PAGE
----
|2008-present||KIAS Scholar, School of Computational Sciences, Korea Institute for Advanced Study|
|2007||Adjunct Professor of Physics, Korea University|
|2001||Visiting Associate Professor of Chemistry, University of Colorado, Boulder|
|2001||Distinguished Visiting Associate Professor of Physics, BK21, Seoul National University|
A Molecular Dynamics Study of Water Flow Across Multiple Layers of Pristine, Oxidized, and Mixed Regions of Graphene Oxide Jon A. L. Willcox and H. J. Kim, ACS Nano 2017, 11, 2187–2193.
Spectroscopic and MD Study of Dynamic and Structural Heterogeneities in Ionic Liquids Eric C. Wu, H. J. Kim and Linda A. Peteanu, J. Phys. Chem. B 2017, 12, 1100–1107.
A Mechanistic Insight into Organocatalytic Properties of Imidazolium-Based Ionic Liquids and a Positive Co-Solvent Effect on Cellulose Modification Reactions in an Ionic Liquid Ryohei Kakuchi, Ryo Ito, Shuhei Nomura, Hadi Abroshan, Kazuaki Ninomiya, Tomoyuki Ikai, Katsuhiro Maeda, H. J. Kim and Kenji Takahashi, RSC Adv. 2017, 7, 9423–9430.
Gold Nanoclusters Promote Electrocatalytic Water Oxidation at the Nanocluster/CoSe2 InterfaceShuo Zhao, Renxi Jin, Hadi Abroshan, Chenjie Zeng, Hui Zhang, Stephen D. House, Eric Gottlieb, H. J. Kim, Judith C. Yang and Rongchao Jin, J. Am. Chem. Soc. 2017, 139, 1077–1080.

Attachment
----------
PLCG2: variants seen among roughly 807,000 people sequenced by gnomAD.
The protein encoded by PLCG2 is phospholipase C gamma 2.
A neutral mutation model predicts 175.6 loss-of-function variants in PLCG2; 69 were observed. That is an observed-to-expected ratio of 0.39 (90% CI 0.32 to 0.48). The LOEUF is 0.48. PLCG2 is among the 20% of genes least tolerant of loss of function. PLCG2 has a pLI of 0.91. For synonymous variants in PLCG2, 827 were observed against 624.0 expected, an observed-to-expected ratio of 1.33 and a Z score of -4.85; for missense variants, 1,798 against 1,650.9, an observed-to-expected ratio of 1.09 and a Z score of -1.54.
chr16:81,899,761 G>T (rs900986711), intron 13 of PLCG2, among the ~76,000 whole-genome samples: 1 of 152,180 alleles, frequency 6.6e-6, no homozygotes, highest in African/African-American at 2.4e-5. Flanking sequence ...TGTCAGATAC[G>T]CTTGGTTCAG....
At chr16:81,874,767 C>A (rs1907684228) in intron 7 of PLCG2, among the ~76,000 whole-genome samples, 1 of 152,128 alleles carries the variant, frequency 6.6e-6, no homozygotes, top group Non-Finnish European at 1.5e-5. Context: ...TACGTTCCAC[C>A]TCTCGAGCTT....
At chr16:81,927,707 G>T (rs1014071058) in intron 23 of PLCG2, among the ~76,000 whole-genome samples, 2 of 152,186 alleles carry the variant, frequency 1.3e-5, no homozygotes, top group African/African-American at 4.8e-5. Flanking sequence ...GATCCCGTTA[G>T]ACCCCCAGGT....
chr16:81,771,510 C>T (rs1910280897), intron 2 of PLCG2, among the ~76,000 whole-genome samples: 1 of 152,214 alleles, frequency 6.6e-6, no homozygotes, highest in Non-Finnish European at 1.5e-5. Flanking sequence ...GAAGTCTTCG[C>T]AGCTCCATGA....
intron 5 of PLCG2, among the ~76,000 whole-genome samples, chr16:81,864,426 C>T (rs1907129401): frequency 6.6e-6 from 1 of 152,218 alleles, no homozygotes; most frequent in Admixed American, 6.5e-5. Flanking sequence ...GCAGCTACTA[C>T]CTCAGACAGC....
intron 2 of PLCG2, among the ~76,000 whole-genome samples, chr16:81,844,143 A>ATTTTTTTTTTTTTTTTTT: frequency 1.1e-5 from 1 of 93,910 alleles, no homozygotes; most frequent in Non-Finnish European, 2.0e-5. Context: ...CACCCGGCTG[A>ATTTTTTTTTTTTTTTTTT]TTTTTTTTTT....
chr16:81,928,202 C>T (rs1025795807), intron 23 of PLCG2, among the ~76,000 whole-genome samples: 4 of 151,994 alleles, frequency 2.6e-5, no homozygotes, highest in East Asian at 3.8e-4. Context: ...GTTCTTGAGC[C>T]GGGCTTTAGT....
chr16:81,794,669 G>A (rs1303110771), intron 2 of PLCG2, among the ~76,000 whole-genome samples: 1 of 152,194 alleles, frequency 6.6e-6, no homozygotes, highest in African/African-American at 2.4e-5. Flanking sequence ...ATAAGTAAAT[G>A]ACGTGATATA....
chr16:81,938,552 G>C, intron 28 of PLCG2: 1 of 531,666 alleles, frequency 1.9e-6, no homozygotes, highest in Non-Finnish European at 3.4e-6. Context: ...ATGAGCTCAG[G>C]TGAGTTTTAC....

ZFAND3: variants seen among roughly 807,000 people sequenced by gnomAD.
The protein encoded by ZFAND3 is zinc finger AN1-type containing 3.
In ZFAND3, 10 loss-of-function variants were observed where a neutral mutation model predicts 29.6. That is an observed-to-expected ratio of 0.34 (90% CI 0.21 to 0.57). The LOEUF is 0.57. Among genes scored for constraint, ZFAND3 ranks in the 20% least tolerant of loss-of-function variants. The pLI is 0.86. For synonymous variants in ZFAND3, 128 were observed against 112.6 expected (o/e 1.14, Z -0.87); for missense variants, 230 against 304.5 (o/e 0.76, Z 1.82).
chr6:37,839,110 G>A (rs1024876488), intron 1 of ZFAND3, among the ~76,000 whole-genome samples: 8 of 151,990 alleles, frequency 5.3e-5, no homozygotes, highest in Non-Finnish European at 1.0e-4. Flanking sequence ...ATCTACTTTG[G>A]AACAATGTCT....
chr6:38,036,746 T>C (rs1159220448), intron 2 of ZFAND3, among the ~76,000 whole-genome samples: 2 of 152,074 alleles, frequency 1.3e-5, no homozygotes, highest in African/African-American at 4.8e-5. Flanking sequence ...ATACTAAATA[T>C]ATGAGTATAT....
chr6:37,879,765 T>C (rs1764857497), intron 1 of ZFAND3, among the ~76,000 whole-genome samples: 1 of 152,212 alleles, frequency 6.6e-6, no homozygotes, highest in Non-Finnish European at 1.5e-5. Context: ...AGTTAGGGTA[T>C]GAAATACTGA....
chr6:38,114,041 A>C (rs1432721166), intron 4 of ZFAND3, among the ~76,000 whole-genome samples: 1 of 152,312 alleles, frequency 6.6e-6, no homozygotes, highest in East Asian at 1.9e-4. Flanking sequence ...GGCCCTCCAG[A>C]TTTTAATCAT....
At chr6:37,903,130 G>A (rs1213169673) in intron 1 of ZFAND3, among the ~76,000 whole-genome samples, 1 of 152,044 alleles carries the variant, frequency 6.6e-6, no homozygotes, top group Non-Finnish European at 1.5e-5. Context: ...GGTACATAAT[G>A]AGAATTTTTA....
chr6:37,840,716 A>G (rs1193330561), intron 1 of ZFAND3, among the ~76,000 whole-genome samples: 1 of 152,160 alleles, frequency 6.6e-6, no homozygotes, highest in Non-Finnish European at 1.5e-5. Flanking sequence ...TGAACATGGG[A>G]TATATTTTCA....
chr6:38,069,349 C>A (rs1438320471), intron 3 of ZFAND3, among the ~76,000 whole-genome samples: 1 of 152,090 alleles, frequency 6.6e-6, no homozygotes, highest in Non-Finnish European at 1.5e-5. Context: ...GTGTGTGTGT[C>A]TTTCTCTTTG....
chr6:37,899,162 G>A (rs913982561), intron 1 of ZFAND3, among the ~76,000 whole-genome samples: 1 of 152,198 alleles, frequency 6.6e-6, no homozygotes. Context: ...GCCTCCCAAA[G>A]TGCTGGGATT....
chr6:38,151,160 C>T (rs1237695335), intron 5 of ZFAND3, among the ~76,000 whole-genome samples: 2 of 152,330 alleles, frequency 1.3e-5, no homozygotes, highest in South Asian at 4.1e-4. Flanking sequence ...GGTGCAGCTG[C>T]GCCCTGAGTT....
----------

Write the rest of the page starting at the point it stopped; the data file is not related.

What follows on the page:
CO2 capture in ionic liquid 1-alkyl- 3-methylimidazolium acetate: A concerted mechanism without carbene Fangyong Yan, Nilesh R. Dhumal and H. J. Kim, Phys. Chem. Chem. Phys. 2017, 19, 1361–1368.
A Molecular Dynamics Study of the Ionic Liquid, Choline Acetate Jon A. L. Willcox, Hyunjin Kim and H. J. Kim, Phys. Chem. Chem. Phys. 2016, 18, 14850–14858.
MD Study of Stokes Shifts in Ionic Liquids: Temperature Dependence Eric Wu and H. J. Kim, J. Phys. Chem. B 2016, 120, 4644–4653.
A Computer Simulation Study of Graphene Oxide Supercapacitors: Charge Screening Mechanism S.-W. Park, A. D. DeYoung, N. R. Dhumal, Y. Shim, H. J. Kim and Y. Jung, J. Phys. Chem. Lett. 2016, 7, 1180–1186.
Theoretical study of interactions of a Li+(CF3SO2)2N ion pair with CR3(OCR2CR2)nOCR3 (R = H or F)
Hadi Abroshan, Nilesh R. Dhumal, Youngseon Shim and Hyung J. Kim, Phys. Chem. Chem. Phys., 2016, 18, 6754–6762.
Molecular mechanism for the activation of Au25(SCH2CH2Ph)18 nanoclusters by imidazolium-based ionic liquids for catalysis
Hadi Abroshan, Gao Li, Jizhi Lin, Hyung J. Kim, Rongchao Jin, Journal of Catalysis, 2016, 337, 72–79
Molecular Interactions of a Cu-Based Metal Organic Framework with a Confined Imidazolium-Based Ionic Liquid: A Combined Density-Functional Theory and Experimental Vibrational Spectroscopy Study N. R. Dhumal, M. P. Singh, J. A. Anderson, J. Kiefer and H. J. Kim, J. Phys. Chem. C 2016, 120, 3295–3304.
On the Structural Stability of Ionic Liquid/IRMOF Composites: A Computational Study
H. Abroshan and H.J. Kim, Phys. Chem. Chem. Phys. 2015, 17, 6248–6254.
Experimental and Mechanistic Understanding of Aldehyde Hydrogenation Using Au25 Nanoclusters with Lewis Acids: Unique Sites for Catalytic Reactions
G. Li, H. Abroshan, Y. Chen, R. Jin and H.J. Kim, J. Am. Chem. Soc. 2015, 137, 14295–14304.